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All Roads Lead to Proposals: How Proposal Teams Inform Growth Strategy

All Roads Lead to Proposals: How Proposal Teams Inform Growth Strategy

The proposal function intersects with every aspect of a company’s operations. For any given proposal, materials and responses will be needed from Sales, Marketing, Customer Success, Product, Subject Matter Experts, and Legal. In other words, the proposal function serves as a crossroads for every single function of a company.

Companies can take advantage of the unique, cross-sectional nature of the proposal team to design feedback mechanisms that inform overall company growth. Below, we outline recommendations for how proposal teams can gather and distribute feedback to different departments based on what they are encountering in their proposals.

Sales — Improving Qualification Processes

Pursuing a proposal can be costly. The average proposal engages nine staff members and takes twenty-three hours to complete. For this reason, most managers say that proposals can too often take away time from other, more valuable company functions. Despite this conviction, companies also report that one of the main reasons they lose proposals is because the opportunity was poorly qualified or was shaped by a competitor. If companies understand proposals to be costly, why are they pursuing opportunities that they had a low chance of winning? The answer most likely has to do with the company’s qualification process.

In many organizations, sales people are primarily responsible for flagging potential proposals and doing the first steps of qualification. A salesperson’s job is to capture revenue; it shouldn’t be surprising that their bias is toward pursuing proposals. But pursuing poor-fit opportunities can consume company resources that would be better spent elsewhere. The best performing companies have strong, defined qualification processes to ensure only the strongest opportunities are pursued.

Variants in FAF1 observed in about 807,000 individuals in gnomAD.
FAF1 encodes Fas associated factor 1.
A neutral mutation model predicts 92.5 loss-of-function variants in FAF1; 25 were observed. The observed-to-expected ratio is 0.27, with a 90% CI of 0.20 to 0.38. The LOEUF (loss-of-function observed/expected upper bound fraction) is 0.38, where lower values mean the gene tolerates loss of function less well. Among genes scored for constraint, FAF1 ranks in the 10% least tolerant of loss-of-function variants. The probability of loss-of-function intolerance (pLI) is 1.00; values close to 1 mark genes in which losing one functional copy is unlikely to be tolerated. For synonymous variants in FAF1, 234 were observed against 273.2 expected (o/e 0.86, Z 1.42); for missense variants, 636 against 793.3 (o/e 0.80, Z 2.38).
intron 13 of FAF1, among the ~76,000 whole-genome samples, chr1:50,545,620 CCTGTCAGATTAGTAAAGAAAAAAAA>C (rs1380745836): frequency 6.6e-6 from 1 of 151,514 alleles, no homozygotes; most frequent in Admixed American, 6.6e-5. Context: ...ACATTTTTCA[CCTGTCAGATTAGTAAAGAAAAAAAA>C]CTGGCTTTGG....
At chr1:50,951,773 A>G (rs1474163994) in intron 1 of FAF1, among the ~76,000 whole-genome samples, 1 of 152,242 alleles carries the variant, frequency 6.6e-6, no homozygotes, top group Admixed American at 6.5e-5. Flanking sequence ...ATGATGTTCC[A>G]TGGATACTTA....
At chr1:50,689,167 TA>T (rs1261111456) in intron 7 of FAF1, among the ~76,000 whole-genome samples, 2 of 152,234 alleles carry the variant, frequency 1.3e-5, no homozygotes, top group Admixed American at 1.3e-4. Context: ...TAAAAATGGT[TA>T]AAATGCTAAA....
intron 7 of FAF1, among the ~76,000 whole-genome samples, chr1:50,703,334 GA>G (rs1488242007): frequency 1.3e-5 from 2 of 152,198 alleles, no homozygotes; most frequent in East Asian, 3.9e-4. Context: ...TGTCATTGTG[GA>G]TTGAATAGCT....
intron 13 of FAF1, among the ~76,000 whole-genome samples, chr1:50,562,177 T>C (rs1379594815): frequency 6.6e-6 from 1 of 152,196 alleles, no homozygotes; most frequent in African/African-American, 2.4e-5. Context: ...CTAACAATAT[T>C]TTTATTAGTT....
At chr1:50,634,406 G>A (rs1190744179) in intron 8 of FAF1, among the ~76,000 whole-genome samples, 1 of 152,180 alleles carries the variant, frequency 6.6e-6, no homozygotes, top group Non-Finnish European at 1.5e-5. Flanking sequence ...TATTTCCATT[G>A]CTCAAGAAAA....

If your company’s proposal win percentage is low and you find your company consistently committing too many resources to pursuing proposals, it might be time to revisit, revise, and strengthen your qualification processes. Good qualification at the proposal level helps to ensure sales pipelines accurately reflect the on-the-ground reality and can encourage salespeople to continue working to fill their sales pipelines with higher percentage opportunities.

Customer Success — Identifying Target References

One of the most important components of any RFP is the references section. Most proposals ask for references from similarly sized companies using similar products. Before pursuing a proposal opportunity, ask yourself: do we have strong references in this market segment? If the answer is no, it might be wise to hold off on pursuing proposals in that segment until stronger references have been built. The proposal team should communicate to those responsible for references if they continue to lose or qualify-out proposals because of lackluster references.

Marketing — Appealing to Purchasers & Identifying Common Buzzwords